MS-Excel / Excel 2003

Excel Sort Feature

Excel's Sort feature makes it easy to rearrange the records or even the fields in your table of data or data list. To sort your data, Excel uses sorting keys to determine how the records or fields should be reordered in the data list:

  • When sorting records, you indicate by cell address which field (that is, column) contains the first or primary sorting key.
  • When sorting fields, you indicate which record (row) contains the primary sorting key.

Excel then applies the selected sort (ascending or descending) to the data in the key field or row to determine how the records or fields will be reordered during sorting.

When a key field contains duplicate entries, Excel lists these records in the order in which they were entered in the table or data list. To indicate how Excel should order records with duplicates in the primary key, you define a secondary key. For example, if, when organizing the data list in alphabetical order by the Last Name field, you have several records where the last name is Smith, you can have Excel sort the Smiths' records in alphabetical order by first name. To do so, you define the First Name field as the secondary key. If the secondary key contains duplicates (say you have two John Smiths in your company), you can define a third key field (the Middle Name field, if your data list has one) that determines how the duplicate John Smith records are to be arranged when the data list is sorted.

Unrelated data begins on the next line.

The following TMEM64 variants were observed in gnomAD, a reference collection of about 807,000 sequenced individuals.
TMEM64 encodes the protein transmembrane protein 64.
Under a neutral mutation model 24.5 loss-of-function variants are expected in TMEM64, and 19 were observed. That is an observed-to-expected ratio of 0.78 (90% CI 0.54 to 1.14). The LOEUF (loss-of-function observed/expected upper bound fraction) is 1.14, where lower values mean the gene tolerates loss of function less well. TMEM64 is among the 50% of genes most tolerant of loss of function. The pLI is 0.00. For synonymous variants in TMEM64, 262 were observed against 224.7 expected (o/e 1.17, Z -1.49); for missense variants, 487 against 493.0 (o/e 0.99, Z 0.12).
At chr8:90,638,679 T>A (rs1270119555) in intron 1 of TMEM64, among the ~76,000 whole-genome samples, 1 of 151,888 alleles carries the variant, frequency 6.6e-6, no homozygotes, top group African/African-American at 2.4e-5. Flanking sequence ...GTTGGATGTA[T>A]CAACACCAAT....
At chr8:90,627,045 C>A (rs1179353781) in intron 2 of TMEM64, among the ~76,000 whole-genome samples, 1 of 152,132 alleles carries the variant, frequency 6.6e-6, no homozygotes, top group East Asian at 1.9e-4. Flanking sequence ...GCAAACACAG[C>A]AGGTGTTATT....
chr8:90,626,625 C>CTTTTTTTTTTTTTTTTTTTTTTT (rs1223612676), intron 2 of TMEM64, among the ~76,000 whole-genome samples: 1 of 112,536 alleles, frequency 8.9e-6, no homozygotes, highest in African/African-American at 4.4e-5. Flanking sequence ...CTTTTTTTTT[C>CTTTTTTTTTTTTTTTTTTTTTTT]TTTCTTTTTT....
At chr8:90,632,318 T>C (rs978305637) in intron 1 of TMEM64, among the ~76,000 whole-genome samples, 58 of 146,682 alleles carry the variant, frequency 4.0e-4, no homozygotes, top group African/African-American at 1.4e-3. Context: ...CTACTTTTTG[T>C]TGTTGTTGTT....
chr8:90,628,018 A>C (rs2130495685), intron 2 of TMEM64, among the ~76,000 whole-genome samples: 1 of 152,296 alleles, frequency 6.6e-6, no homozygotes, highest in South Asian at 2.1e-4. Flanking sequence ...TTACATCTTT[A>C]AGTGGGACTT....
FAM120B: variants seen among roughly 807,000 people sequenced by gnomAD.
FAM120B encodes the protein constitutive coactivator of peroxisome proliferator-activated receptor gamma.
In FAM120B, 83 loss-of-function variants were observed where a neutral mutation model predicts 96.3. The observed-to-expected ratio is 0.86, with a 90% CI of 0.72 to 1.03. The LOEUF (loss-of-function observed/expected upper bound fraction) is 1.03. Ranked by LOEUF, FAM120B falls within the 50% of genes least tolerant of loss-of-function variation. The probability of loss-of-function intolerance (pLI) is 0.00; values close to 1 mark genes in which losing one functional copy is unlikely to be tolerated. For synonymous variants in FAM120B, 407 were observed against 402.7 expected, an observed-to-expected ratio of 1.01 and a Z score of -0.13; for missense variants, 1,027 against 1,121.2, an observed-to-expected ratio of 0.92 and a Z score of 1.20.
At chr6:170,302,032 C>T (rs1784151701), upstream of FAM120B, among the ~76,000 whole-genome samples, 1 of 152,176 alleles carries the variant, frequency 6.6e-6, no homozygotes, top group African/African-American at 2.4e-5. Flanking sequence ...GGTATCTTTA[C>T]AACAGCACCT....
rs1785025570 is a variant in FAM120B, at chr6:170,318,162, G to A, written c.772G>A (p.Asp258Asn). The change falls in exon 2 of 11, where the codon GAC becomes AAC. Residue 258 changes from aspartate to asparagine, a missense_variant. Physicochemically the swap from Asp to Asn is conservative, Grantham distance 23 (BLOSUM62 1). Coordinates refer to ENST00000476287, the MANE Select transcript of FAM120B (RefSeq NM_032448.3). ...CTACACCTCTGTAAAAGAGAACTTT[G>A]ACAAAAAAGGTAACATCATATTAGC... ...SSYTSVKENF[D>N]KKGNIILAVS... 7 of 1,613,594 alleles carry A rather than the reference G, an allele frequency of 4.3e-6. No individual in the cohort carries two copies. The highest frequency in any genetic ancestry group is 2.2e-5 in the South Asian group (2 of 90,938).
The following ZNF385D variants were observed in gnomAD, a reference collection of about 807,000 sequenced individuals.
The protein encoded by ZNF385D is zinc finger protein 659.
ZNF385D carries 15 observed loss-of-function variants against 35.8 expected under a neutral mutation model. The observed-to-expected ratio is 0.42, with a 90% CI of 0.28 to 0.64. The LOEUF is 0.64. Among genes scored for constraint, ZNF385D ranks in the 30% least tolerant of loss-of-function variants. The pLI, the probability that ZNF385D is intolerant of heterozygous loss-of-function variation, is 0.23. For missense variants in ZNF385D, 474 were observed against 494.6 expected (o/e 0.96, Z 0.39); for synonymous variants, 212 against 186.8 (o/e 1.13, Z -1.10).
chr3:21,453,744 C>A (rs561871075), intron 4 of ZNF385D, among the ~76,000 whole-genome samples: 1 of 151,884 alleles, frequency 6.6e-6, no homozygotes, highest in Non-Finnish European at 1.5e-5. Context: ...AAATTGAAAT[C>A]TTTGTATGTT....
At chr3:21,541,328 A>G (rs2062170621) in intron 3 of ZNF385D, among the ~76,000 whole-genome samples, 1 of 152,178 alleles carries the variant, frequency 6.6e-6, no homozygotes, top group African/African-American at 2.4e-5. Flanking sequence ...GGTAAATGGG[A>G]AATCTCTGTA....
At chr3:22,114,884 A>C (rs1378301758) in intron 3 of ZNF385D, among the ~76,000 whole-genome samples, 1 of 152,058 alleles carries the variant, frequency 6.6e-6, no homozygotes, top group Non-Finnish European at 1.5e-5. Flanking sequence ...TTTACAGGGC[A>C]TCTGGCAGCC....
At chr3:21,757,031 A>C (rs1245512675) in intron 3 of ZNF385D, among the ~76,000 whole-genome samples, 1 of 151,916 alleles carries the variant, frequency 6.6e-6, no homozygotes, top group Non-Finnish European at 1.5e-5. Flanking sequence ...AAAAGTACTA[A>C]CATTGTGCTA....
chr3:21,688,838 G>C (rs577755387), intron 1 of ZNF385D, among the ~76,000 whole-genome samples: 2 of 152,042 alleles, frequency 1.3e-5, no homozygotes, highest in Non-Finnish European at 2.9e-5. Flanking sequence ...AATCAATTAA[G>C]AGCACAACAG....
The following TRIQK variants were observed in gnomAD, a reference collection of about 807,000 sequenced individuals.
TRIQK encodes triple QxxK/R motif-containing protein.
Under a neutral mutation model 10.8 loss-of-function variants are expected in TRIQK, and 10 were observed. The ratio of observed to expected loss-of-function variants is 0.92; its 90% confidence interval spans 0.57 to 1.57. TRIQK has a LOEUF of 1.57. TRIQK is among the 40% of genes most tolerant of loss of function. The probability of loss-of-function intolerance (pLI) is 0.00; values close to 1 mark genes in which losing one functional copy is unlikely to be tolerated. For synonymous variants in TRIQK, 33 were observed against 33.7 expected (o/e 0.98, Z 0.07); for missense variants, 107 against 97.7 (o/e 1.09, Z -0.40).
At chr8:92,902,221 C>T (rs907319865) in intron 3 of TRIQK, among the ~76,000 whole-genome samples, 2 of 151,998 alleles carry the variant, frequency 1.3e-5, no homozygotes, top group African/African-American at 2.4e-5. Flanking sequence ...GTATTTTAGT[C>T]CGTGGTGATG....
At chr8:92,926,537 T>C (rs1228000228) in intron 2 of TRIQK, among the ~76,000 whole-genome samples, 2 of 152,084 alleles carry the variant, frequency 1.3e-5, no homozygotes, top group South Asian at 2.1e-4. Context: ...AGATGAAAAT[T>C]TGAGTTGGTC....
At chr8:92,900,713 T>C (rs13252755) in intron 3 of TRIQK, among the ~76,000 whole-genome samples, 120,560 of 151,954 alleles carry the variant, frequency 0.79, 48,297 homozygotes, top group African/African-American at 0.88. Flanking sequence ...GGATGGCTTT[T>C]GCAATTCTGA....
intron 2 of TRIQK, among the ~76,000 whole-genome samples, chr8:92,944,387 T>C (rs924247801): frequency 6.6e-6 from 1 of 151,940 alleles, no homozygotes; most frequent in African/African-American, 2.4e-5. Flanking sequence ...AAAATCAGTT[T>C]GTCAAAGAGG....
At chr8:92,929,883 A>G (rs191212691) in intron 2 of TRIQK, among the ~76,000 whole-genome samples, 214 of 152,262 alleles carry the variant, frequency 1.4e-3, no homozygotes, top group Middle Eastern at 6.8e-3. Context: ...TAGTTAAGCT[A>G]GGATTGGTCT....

When defining the key fields or rows for a sort, you can specify either an ascending or descending sort order for its data:

  • When you specify ascending order (which is the default), Excel arranges text in A-to-Z order and values from smallest to largest.
  • When you specify descending order, Excel reverses this order and arranges text in Z-to-A order and values range from largest to smallest.

When sorting on a date field, keep in mind that ascending order puts the records in least-recent-tomost- recent date order, whereas descending order gives you the records in most-recent-to-least-recent date order.

When you choose the ascending sort order for a field containing many different kinds of entries, Excel places numbers (from smallest to largest) before text (in alphabetical order) followed by logical values (TRUE and FALSE), error values, and, finally, blank cells. When you're using the descending sort order, the program uses the same general arrangement for the different types of entries, but numbers go from largest to smallest, text runs from Z to A, and the FALSE logical value precedes the TRUE logical value.

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